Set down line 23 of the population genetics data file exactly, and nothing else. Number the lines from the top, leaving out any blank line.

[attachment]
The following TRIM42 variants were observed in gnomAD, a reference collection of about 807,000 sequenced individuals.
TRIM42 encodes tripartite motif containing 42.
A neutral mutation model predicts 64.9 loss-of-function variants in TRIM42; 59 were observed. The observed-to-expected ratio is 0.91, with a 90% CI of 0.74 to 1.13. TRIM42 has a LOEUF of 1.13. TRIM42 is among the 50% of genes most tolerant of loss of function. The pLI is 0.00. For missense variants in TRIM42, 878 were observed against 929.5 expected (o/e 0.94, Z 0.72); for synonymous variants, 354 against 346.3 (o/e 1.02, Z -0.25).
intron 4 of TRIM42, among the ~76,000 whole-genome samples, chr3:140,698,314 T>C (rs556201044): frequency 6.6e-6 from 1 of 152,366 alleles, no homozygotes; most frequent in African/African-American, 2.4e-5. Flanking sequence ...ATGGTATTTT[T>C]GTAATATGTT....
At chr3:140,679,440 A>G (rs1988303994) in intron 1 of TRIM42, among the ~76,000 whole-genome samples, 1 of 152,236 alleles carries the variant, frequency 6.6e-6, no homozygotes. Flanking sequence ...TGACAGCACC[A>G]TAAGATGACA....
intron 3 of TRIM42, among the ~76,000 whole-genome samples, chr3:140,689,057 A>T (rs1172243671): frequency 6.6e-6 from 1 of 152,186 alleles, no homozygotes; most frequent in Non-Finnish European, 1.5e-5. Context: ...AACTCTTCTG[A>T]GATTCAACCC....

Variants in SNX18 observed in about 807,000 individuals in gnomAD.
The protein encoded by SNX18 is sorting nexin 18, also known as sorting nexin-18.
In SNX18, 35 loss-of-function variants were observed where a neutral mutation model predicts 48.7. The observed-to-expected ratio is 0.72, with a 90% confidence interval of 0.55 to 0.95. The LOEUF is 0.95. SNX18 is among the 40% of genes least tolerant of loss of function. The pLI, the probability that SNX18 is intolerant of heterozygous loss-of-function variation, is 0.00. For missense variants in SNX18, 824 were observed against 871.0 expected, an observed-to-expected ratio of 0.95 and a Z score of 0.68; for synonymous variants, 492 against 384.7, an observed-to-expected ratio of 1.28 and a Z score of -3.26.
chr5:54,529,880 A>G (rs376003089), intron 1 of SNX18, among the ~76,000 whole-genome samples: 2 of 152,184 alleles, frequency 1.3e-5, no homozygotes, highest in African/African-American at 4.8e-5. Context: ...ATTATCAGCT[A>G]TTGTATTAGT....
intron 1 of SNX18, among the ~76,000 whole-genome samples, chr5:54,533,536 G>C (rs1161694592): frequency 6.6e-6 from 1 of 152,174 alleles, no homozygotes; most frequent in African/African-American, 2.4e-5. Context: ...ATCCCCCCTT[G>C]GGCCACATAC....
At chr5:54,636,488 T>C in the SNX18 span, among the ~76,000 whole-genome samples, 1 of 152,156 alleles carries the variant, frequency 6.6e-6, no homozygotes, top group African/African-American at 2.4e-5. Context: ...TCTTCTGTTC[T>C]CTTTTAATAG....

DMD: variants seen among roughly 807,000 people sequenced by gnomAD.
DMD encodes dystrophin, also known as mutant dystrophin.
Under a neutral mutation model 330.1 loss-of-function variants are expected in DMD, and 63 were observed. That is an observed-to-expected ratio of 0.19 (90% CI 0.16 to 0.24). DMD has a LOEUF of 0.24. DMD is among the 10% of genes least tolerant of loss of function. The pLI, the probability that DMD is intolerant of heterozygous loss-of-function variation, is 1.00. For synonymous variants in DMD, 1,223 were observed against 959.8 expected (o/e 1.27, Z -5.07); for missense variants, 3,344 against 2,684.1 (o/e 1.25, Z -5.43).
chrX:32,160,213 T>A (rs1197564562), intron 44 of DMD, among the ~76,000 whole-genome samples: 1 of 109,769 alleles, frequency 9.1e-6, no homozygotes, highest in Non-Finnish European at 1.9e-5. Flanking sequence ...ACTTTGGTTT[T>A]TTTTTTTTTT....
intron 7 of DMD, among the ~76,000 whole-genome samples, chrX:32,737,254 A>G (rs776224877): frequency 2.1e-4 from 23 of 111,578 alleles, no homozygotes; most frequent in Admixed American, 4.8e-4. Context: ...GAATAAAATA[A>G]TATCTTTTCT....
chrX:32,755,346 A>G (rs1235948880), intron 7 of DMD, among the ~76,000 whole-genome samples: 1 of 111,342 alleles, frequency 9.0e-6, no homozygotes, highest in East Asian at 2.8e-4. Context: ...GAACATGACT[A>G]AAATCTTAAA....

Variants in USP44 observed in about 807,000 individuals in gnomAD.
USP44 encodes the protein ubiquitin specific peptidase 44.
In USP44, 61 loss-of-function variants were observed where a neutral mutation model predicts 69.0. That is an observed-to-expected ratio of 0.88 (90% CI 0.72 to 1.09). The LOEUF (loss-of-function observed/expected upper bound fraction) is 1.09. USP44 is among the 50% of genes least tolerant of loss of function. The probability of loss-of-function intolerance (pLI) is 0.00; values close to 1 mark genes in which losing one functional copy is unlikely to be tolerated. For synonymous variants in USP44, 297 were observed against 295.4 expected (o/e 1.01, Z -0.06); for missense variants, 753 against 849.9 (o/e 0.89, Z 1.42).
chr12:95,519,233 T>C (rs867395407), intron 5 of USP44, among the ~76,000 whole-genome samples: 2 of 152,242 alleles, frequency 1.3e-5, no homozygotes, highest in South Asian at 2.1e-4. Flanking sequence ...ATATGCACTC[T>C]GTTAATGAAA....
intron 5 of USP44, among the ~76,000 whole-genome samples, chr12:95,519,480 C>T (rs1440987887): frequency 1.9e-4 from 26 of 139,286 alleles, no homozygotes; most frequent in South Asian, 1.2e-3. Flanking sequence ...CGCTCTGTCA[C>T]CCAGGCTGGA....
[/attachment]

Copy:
intron 5 of USP44, among the ~76,000 whole-genome samples, chr12:95,519,480 C>T (rs1440987887): frequency 1.9e-4 from 26 of 139,286 alleles, no homozygotes; most frequent in South Asian, 1.2e-3. Flanking sequence ...CGCTCTGTCA[C>T]CCAGGCTGGA....